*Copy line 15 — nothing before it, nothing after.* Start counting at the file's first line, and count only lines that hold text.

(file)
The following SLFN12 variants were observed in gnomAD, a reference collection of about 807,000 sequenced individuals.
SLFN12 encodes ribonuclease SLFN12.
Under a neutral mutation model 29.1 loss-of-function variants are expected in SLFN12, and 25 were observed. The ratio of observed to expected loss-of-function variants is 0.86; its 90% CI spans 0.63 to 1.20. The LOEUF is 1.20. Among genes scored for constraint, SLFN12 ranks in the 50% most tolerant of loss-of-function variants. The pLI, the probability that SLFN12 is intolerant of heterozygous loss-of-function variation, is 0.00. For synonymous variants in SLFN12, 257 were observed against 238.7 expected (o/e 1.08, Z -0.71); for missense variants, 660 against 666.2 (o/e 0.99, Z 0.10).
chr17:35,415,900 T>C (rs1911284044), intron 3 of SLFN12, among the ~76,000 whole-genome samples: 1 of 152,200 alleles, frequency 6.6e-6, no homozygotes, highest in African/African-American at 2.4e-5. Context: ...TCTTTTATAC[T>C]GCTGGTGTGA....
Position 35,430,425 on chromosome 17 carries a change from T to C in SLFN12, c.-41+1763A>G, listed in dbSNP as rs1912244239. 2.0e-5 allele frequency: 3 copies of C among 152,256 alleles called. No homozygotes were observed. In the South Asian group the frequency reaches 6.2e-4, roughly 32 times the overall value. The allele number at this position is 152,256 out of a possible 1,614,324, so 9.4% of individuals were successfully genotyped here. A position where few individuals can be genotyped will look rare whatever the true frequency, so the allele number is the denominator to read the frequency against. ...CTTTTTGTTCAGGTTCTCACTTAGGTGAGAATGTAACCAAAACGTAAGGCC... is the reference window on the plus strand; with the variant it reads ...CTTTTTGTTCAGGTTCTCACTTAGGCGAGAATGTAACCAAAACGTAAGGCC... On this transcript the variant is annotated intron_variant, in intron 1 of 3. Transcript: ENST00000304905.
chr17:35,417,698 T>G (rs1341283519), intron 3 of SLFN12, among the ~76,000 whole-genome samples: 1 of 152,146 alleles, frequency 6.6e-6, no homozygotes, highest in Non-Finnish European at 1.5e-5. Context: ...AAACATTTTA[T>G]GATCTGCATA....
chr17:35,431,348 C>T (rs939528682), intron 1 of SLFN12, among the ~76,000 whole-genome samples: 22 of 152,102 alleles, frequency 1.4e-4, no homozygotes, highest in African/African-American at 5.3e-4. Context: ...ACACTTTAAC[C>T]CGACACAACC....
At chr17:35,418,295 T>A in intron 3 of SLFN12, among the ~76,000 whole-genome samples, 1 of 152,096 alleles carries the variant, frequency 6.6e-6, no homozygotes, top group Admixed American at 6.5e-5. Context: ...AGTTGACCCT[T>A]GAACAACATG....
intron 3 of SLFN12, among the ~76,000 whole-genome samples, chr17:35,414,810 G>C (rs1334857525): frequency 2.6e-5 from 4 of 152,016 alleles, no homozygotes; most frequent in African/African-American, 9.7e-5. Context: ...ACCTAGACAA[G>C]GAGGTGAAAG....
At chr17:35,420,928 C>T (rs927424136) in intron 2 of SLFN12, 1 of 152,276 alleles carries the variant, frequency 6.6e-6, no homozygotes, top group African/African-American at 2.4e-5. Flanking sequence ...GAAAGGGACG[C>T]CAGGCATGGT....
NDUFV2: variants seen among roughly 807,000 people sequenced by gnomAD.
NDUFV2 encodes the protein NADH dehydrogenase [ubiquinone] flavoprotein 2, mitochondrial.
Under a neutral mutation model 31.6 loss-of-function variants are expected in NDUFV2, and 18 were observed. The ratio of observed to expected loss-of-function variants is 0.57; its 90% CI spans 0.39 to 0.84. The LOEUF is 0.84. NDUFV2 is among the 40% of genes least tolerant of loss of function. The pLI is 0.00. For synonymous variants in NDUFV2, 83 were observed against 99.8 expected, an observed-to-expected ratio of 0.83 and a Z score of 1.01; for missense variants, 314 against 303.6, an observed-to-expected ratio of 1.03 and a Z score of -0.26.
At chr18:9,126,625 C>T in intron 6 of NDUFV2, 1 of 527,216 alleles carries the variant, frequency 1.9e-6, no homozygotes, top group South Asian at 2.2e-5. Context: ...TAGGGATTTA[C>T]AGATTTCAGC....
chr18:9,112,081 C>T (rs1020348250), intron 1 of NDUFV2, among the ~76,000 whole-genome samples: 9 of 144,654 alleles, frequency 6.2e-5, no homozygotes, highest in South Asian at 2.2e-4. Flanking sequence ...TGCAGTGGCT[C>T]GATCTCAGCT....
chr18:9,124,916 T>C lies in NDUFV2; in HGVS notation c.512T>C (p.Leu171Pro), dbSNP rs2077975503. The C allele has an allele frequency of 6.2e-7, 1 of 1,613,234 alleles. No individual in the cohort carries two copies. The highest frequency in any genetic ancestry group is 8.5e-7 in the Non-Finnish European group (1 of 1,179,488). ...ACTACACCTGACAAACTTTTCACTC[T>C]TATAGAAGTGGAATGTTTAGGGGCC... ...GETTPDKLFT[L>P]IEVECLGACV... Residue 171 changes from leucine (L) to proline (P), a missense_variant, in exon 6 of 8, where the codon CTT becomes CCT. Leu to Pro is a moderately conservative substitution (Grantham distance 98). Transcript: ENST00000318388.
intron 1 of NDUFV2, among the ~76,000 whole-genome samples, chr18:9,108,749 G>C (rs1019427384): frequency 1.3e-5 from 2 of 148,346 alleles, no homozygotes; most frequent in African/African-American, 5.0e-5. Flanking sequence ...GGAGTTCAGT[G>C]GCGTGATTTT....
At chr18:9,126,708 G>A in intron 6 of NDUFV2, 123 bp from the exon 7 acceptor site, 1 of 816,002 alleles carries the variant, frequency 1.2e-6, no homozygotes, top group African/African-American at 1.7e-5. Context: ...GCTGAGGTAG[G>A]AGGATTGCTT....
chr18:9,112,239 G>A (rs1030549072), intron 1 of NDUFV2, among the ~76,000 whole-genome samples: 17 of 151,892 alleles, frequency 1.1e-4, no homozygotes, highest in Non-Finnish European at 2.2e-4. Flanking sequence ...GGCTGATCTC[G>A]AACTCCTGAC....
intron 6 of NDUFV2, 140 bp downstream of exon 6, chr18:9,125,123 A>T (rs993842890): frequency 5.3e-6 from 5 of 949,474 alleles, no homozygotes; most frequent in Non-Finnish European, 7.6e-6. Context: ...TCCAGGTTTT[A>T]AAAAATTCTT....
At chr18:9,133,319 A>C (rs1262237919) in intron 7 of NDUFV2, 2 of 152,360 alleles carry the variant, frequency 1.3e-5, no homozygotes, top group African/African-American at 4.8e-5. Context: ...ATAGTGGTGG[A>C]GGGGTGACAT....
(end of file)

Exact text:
chr18:9,112,081 C>T (rs1020348250), intron 1 of NDUFV2, among the ~76,000 whole-genome samples: 9 of 144,654 alleles, frequency 6.2e-5, no homozygotes, highest in South Asian at 2.2e-4. Flanking sequence ...TGCAGTGGCT[C>T]GATCTCAGCT....